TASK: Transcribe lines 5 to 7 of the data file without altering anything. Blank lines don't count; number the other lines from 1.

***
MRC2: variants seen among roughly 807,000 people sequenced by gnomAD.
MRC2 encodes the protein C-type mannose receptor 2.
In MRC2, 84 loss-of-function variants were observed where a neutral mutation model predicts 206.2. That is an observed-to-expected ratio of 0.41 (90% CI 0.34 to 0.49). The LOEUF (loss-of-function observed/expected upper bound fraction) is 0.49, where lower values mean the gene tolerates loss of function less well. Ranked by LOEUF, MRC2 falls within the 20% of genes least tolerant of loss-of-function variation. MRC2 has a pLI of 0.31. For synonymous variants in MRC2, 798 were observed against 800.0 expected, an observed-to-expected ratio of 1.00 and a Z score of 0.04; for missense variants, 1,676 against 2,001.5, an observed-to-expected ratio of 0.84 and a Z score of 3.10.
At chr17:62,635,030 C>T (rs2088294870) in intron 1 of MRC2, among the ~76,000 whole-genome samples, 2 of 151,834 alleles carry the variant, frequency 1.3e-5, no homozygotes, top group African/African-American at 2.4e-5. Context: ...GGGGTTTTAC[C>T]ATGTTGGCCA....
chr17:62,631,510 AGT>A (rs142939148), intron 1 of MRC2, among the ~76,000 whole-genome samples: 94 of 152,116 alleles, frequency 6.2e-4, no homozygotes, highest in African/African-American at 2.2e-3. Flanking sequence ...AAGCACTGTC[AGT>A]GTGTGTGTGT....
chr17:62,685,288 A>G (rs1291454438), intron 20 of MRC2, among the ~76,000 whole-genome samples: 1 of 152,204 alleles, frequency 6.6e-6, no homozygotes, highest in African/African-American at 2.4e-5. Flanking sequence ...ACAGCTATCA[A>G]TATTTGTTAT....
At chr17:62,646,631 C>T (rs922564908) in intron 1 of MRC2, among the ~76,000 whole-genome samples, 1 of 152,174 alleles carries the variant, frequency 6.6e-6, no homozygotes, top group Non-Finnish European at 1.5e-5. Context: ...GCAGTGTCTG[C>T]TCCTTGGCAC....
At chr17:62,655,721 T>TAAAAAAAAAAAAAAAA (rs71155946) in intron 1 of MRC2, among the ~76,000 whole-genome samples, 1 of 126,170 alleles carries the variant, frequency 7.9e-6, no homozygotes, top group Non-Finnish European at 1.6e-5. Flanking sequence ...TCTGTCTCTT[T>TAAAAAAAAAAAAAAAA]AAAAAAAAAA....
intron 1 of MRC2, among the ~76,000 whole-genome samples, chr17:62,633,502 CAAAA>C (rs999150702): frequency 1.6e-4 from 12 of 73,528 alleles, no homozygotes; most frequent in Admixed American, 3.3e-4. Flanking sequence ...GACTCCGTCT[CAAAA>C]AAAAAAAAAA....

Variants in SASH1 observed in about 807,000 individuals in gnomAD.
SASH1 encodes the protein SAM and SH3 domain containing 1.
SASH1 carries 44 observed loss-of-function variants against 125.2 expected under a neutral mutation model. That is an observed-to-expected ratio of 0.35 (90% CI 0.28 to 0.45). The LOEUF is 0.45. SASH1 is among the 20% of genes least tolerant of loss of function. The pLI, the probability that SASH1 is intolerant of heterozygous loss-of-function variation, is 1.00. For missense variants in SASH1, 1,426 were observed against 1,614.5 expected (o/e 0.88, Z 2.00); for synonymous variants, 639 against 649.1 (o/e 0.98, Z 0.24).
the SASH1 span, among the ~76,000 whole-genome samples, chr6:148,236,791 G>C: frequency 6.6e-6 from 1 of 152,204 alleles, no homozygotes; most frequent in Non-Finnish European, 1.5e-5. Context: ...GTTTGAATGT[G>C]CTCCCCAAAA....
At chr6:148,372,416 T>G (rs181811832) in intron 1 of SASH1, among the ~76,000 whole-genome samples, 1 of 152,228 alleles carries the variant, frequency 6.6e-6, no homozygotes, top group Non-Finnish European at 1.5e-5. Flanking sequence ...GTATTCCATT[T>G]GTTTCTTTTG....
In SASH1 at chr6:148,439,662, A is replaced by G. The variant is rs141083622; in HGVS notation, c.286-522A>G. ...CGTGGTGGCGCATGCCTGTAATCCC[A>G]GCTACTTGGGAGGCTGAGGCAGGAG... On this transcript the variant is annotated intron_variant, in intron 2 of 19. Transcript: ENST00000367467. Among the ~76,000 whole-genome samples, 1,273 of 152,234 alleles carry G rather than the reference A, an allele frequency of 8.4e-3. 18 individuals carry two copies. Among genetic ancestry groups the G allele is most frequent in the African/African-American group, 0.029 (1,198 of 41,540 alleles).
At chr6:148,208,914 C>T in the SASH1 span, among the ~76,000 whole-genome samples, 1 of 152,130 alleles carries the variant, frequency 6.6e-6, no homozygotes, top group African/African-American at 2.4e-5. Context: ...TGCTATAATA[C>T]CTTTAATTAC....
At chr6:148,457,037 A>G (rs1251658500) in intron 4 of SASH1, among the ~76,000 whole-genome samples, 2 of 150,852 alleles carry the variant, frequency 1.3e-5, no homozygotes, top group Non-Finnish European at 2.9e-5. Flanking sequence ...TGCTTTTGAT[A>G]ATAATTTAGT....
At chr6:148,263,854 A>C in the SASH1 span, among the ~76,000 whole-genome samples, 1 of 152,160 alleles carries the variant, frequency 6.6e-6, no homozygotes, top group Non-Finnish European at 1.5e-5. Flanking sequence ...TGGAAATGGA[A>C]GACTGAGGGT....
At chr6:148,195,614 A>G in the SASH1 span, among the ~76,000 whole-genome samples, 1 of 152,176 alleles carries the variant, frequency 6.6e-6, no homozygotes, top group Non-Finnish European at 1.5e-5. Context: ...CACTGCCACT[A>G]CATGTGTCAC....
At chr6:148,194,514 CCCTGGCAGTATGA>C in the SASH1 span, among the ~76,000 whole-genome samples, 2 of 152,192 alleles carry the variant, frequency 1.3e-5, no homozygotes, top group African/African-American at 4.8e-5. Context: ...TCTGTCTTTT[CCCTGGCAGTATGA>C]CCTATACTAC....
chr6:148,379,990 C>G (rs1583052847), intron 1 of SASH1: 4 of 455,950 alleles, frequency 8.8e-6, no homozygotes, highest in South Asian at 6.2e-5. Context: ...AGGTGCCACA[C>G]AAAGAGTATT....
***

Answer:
chr17:62,631,510 AGT>A (rs142939148), intron 1 of MRC2, among the ~76,000 whole-genome samples: 94 of 152,116 alleles, frequency 6.2e-4, no homozygotes, highest in African/African-American at 2.2e-3. Flanking sequence ...AAGCACTGTC[AGT>A]GTGTGTGTGT....
chr17:62,685,288 A>G (rs1291454438), intron 20 of MRC2, among the ~76,000 whole-genome samples: 1 of 152,204 alleles, frequency 6.6e-6, no homozygotes, highest in African/African-American at 2.4e-5. Flanking sequence ...ACAGCTATCA[A>G]TATTTGTTAT....
At chr17:62,646,631 C>T (rs922564908) in intron 1 of MRC2, among the ~76,000 whole-genome samples, 1 of 152,174 alleles carries the variant, frequency 6.6e-6, no homozygotes, top group Non-Finnish European at 1.5e-5. Context: ...GCAGTGTCTG[C>T]TCCTTGGCAC....